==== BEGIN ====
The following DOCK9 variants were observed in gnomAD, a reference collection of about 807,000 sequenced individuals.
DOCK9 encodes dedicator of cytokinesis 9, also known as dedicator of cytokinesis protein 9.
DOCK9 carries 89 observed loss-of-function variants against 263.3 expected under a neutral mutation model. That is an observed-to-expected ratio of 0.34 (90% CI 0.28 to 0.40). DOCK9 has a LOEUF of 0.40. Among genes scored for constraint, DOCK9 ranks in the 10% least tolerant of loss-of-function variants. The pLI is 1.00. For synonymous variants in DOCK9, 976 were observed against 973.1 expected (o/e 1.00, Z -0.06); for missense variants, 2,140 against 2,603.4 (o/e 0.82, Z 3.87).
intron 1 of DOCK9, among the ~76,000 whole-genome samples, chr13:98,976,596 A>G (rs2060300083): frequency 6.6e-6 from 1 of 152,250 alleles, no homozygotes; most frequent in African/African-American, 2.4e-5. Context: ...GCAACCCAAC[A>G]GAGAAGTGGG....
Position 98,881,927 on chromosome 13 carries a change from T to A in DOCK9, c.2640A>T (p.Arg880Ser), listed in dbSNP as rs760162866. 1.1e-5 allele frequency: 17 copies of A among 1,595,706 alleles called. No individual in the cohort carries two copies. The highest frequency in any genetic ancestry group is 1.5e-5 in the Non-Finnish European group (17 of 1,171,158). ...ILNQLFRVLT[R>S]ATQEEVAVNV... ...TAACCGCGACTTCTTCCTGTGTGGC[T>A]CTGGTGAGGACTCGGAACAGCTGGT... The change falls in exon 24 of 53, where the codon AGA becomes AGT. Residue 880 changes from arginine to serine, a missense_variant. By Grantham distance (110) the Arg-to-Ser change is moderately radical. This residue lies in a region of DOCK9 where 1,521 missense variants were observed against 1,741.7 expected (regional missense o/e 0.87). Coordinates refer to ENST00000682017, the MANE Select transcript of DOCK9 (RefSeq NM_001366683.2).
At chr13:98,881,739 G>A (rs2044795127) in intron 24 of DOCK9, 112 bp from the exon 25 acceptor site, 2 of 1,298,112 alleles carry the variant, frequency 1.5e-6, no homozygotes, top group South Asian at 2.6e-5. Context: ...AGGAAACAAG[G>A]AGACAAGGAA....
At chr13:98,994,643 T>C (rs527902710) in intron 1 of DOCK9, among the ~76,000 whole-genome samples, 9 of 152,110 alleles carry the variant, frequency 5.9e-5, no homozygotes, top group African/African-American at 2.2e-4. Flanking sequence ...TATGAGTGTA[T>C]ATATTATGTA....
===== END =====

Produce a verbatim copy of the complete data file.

The following DOCK9 variants were observed in gnomAD, a reference collection of about 807,000 sequenced individuals.
DOCK9 encodes dedicator of cytokinesis 9, also known as dedicator of cytokinesis protein 9.
DOCK9 carries 89 observed loss-of-function variants against 263.3 expected under a neutral mutation model. That is an observed-to-expected ratio of 0.34 (90% CI 0.28 to 0.40). DOCK9 has a LOEUF of 0.40. Among genes scored for constraint, DOCK9 ranks in the 10% least tolerant of loss-of-function variants. The pLI is 1.00. For synonymous variants in DOCK9, 976 were observed against 973.1 expected (o/e 1.00, Z -0.06); for missense variants, 2,140 against 2,603.4 (o/e 0.82, Z 3.87).
intron 1 of DOCK9, among the ~76,000 whole-genome samples, chr13:98,976,596 A>G (rs2060300083): frequency 6.6e-6 from 1 of 152,250 alleles, no homozygotes; most frequent in African/African-American, 2.4e-5. Context: ...GCAACCCAAC[A>G]GAGAAGTGGG....
Position 98,881,927 on chromosome 13 carries a change from T to A in DOCK9, c.2640A>T (p.Arg880Ser), listed in dbSNP as rs760162866. 1.1e-5 allele frequency: 17 copies of A among 1,595,706 alleles called. No individual in the cohort carries two copies. The highest frequency in any genetic ancestry group is 1.5e-5 in the Non-Finnish European group (17 of 1,171,158). ...ILNQLFRVLT[R>S]ATQEEVAVNV... ...TAACCGCGACTTCTTCCTGTGTGGC[T>A]CTGGTGAGGACTCGGAACAGCTGGT... The change falls in exon 24 of 53, where the codon AGA becomes AGT. Residue 880 changes from arginine to serine, a missense_variant. By Grantham distance (110) the Arg-to-Ser change is moderately radical. This residue lies in a region of DOCK9 where 1,521 missense variants were observed against 1,741.7 expected (regional missense o/e 0.87). Coordinates refer to ENST00000682017, the MANE Select transcript of DOCK9 (RefSeq NM_001366683.2).
At chr13:98,881,739 G>A (rs2044795127) in intron 24 of DOCK9, 112 bp from the exon 25 acceptor site, 2 of 1,298,112 alleles carry the variant, frequency 1.5e-6, no homozygotes, top group South Asian at 2.6e-5. Context: ...AGGAAACAAG[G>A]AGACAAGGAA....
At chr13:98,994,643 T>C (rs527902710) in intron 1 of DOCK9, among the ~76,000 whole-genome samples, 9 of 152,110 alleles carry the variant, frequency 5.9e-5, no homozygotes, top group African/African-American at 2.2e-4. Flanking sequence ...TATGAGTGTA[T>C]ATATTATGTA....